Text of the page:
Those might sound like obvious things, but they aren’t guaranteed from every vendor. From a more technology-focused perspective, we needed something agile that would simplify HR processes into a single system, and that would grow with us as new technologies emerge. Workday met all of these requirements.
We went live on July 4th last year, and we worked hard to not only hit the target date but also to be supremely confident in the new system from day one. The implementation of a single solution like Workday is about much more than IT and system considerations. As we moved deeper into the deployment, we discovered that there was a whole range of processes globally that would benefit from standardisation because they were very different from country to country.
To make a project like this successful, you must get the buy-in of managers within these regions. You have to show them how they will benefit from a single, global way of doing business. That’s a real cultural shift.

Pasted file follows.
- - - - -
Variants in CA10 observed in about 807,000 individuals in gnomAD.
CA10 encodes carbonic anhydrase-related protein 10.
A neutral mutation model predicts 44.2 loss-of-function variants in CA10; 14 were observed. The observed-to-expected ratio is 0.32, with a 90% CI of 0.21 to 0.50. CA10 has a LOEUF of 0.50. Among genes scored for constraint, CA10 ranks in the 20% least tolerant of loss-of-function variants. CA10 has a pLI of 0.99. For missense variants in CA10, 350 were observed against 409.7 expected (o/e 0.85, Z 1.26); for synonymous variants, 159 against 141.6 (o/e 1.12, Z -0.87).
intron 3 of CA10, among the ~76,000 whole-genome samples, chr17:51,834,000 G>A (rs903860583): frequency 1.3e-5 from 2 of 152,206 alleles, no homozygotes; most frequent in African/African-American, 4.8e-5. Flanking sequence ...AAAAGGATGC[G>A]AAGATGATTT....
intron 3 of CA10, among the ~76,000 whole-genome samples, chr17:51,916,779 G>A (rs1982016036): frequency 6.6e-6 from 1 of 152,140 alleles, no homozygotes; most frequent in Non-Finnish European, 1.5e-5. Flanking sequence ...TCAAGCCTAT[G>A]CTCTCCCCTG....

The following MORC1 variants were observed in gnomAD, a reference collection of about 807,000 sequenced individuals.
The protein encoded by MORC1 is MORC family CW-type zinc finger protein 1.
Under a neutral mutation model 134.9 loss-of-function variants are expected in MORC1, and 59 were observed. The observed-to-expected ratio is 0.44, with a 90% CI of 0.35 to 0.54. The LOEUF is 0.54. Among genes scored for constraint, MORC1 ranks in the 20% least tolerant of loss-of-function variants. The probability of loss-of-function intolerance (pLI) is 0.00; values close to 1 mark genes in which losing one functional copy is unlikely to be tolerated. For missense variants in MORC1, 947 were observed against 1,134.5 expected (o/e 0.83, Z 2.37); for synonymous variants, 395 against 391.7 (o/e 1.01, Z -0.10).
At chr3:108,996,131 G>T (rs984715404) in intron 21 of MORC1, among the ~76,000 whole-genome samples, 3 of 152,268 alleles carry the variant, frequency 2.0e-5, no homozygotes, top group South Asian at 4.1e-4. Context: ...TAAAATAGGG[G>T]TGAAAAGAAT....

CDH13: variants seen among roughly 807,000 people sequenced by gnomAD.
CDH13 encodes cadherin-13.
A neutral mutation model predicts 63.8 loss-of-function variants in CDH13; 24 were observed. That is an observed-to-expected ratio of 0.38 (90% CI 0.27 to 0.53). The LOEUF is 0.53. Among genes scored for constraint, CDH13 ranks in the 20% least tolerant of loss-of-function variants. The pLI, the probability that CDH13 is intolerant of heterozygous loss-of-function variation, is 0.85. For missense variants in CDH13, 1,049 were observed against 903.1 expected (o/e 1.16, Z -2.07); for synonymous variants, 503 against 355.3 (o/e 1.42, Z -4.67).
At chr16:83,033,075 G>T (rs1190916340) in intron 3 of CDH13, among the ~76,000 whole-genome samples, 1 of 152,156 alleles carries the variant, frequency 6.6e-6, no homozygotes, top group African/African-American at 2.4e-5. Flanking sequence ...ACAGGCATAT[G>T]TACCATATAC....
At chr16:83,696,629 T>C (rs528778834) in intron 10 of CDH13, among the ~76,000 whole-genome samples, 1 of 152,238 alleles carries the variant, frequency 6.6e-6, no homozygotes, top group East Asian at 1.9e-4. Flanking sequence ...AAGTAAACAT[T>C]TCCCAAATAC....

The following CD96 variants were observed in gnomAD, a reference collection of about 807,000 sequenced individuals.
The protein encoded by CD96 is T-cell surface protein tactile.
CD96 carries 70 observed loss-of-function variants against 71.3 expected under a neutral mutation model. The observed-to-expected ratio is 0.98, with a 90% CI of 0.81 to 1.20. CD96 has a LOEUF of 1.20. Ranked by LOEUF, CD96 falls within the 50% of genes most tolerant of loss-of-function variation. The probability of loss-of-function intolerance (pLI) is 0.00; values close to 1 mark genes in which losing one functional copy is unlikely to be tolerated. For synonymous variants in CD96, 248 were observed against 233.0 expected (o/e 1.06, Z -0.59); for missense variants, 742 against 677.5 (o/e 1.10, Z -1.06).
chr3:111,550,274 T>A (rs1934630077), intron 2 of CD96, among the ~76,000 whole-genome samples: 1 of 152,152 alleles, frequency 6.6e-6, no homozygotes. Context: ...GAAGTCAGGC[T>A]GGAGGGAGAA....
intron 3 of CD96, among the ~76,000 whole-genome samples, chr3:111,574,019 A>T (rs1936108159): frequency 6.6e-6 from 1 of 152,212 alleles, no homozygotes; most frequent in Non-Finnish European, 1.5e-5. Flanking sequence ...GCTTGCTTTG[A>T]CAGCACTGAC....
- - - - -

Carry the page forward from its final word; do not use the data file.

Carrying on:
You can start at the most fundamental, but arguably most important element: Our people being paid on time and the right amount. That is a huge global benefit. For me, the adoption levels from both managers and employees have been great. We haven’t had to invest in expensive training because the system is so intuitive. We’ve gained back the days of employee training you would normally have to do with a new global system.